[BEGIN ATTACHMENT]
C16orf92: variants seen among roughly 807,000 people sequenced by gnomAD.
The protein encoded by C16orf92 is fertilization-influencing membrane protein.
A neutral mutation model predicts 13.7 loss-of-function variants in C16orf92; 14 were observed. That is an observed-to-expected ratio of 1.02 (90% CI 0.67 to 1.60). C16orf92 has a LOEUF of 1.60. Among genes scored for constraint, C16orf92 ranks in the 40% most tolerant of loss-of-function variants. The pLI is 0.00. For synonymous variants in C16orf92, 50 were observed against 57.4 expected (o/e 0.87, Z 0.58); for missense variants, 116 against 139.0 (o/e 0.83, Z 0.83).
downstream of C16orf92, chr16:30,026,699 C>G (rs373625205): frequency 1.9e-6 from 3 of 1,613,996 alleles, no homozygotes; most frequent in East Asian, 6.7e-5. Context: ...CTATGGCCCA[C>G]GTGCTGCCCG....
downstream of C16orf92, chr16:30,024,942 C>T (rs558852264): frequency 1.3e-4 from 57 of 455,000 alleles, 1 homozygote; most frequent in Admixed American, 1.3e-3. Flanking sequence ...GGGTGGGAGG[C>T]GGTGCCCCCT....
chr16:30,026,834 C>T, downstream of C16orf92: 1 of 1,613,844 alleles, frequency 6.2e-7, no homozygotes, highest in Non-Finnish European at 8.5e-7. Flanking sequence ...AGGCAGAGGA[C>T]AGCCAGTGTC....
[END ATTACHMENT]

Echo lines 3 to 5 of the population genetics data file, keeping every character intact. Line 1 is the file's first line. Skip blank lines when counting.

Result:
A neutral mutation model predicts 13.7 loss-of-function variants in C16orf92; 14 were observed. That is an observed-to-expected ratio of 1.02 (90% CI 0.67 to 1.60). C16orf92 has a LOEUF of 1.60. Among genes scored for constraint, C16orf92 ranks in the 40% most tolerant of loss-of-function variants. The pLI is 0.00. For synonymous variants in C16orf92, 50 were observed against 57.4 expected (o/e 0.87, Z 0.58); for missense variants, 116 against 139.0 (o/e 0.83, Z 0.83).
downstream of C16orf92, chr16:30,026,699 C>G (rs373625205): frequency 1.9e-6 from 3 of 1,613,996 alleles, no homozygotes; most frequent in East Asian, 6.7e-5. Context: ...CTATGGCCCA[C>G]GTGCTGCCCG....
downstream of C16orf92, chr16:30,024,942 C>T (rs558852264): frequency 1.3e-4 from 57 of 455,000 alleles, 1 homozygote; most frequent in Admixed American, 1.3e-3. Flanking sequence ...GGGTGGGAGG[C>T]GGTGCCCCCT....